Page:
West Virginia

Charleston: The state Division of Motor Vehicles is making it easier for residents to get a REAL ID ahead of the May 3 federal deadline. The department recently announced a new online service that offers a guided path through pre-enrollment and cuts the time spent at the DMV, according to a news release. REAL ID Headstart allows applicants to verify their identities, upload required documents, and schedule their REAL ID appointments online. While the federal REAL ID Act requires documents be presented in person, a change is in progress. Once the act is amended, the DMV aims to enhance REAL ID Headstart so that no in-person visit is needed. Congress passed the Real ID Act in 2005 to establish minimum security standards for state-issued driver’s licenses and ID cards following a recommendation from the 9/11 Commission. The updated identification cards will be required for airport check-in and to enter federal facilities. REAL ID Headstart is available at dmv.wv.gov.

Wisconsin

Madison: The state can’t impose property taxes on tribal lands that have changed hands unless it gets congressional approval, a federal appeals court ruled Monday. The decision from a three-judge panel from the 7th U.S. Circuit Court of Appeals marks another chapter in a lawsuit four Chippewa tribes from northern Wisconsin filed in 2018. The Lac Courte Oreilles, the Lac du Flambeau, the Red Cliff and the Bad River sued after the state imposed property taxes on land within their reservations. Such land is immune from state property taxes under an 1854 treaty, but the state argued that the land is eligible because tribal members sold it to non-American Indians before the land was were sold back to tribal members. The three-judge panel affirmed that the land isn’t taxable without congressional approval, saying only Congress can diminish tribes’ sovereignty, and the treaty is best read to promise tax immunity even for reacquired lands.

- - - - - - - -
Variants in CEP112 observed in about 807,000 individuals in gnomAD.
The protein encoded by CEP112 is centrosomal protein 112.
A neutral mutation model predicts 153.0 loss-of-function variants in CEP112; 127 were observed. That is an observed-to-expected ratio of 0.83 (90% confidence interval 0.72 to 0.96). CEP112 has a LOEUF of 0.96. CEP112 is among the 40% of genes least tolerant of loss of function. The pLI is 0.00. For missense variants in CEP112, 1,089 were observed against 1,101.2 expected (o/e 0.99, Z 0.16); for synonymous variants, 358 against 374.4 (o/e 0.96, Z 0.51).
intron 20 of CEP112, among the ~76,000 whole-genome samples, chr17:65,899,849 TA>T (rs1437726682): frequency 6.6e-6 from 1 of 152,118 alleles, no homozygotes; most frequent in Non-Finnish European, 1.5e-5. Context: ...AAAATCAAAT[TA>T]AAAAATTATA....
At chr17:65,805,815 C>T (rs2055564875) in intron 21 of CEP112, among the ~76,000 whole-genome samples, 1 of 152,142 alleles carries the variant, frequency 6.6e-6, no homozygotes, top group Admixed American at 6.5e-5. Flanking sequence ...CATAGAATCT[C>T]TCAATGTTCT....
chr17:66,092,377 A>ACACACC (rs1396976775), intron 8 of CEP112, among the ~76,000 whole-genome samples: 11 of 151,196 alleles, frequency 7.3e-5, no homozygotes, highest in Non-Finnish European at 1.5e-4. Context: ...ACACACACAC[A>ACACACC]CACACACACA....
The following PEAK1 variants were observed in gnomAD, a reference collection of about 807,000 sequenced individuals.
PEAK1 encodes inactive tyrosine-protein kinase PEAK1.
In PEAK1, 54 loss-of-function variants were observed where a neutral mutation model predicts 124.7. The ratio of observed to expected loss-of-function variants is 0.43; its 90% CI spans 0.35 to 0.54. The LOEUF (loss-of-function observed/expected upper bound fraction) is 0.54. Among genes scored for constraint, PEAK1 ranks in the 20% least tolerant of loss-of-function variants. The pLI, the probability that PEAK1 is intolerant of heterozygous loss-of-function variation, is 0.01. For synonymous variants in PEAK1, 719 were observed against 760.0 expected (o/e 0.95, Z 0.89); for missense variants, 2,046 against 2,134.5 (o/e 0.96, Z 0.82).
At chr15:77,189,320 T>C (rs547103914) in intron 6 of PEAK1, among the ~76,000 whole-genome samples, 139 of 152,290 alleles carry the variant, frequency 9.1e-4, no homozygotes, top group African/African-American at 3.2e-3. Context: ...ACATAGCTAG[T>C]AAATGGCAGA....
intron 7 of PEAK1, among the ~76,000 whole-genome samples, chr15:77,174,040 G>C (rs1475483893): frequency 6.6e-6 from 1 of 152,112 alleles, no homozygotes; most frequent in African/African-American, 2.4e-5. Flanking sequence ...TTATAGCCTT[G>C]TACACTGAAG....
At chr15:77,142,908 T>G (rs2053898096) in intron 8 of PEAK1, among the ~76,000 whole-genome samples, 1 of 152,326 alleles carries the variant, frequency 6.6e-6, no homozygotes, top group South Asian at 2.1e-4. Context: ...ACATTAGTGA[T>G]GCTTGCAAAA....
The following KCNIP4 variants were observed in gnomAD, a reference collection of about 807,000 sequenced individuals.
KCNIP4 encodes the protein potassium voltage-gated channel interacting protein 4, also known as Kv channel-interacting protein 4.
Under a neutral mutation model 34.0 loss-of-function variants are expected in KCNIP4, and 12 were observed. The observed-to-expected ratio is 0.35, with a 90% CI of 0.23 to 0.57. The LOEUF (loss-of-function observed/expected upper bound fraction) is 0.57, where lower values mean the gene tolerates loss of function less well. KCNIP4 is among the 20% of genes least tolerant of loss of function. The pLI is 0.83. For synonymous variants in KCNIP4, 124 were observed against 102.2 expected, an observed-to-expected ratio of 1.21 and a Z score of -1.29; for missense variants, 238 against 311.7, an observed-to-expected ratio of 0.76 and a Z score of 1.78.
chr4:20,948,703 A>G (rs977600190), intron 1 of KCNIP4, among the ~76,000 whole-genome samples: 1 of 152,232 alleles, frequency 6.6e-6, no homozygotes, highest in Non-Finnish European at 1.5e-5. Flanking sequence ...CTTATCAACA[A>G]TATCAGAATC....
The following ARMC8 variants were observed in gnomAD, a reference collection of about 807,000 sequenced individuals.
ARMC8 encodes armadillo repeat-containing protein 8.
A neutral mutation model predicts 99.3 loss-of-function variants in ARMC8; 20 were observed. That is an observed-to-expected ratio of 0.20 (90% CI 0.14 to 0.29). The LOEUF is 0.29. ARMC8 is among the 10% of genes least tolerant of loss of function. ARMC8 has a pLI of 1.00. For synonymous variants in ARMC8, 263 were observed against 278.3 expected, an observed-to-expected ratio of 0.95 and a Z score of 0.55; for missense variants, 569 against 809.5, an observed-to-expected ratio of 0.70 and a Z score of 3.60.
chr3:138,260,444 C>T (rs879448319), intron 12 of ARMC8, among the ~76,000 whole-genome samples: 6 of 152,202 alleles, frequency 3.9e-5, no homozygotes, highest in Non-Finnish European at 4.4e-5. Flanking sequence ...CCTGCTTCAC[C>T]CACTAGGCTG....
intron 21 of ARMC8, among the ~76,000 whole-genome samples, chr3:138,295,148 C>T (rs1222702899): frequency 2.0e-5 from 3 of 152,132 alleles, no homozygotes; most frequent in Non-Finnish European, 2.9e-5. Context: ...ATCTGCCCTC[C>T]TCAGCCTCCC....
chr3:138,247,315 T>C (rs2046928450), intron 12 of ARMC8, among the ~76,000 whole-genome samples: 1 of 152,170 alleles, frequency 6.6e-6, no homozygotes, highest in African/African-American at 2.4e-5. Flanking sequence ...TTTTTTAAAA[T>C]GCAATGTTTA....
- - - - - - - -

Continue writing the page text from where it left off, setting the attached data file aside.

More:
Wyoming

Gillette: The tax incentives offered under the Inflation Reduction Act and a $2.5 billion infusion from Congress last year are spurring hopes of more carbon storage projects in the rolling prairie lands of northeastern Wyoming. Geologist Fred McLaughlin has been drilling nearly 2 miles into the ground, far deeper than the thick coal seams that make this the top coal-mining region in the United States. McLaughlin and his University of Wyoming colleagues are studying whether tiny spaces in rock deep underground can permanently store vast volumes of greenhouse gas emitted by a coal-fired power plant. The concept known as carbon storage has long been touted as an answer to global warming that preserves the energy industry’s burning of fossil fuels to generate electricity. One goal of McLaughlin’s project is to preserve the lifespan of a relatively new coal-fired power plant, Dry Fork Station, run by Basin Electric Power Cooperative. State officials hope it will do the same for the whole beleaguered coal industry that still underpins Wyoming’s economy. The state produces about 40% of the nation’s coal, but declining production and a series of layoffs and bankruptcies have beset the Gillette area’s vast, open-pit coal mines over the past decade.

From USA TODAY Network and wire reports

This article originally appeared on USA TODAY: Carbon storage, commissioner comeback: News from around our 50 states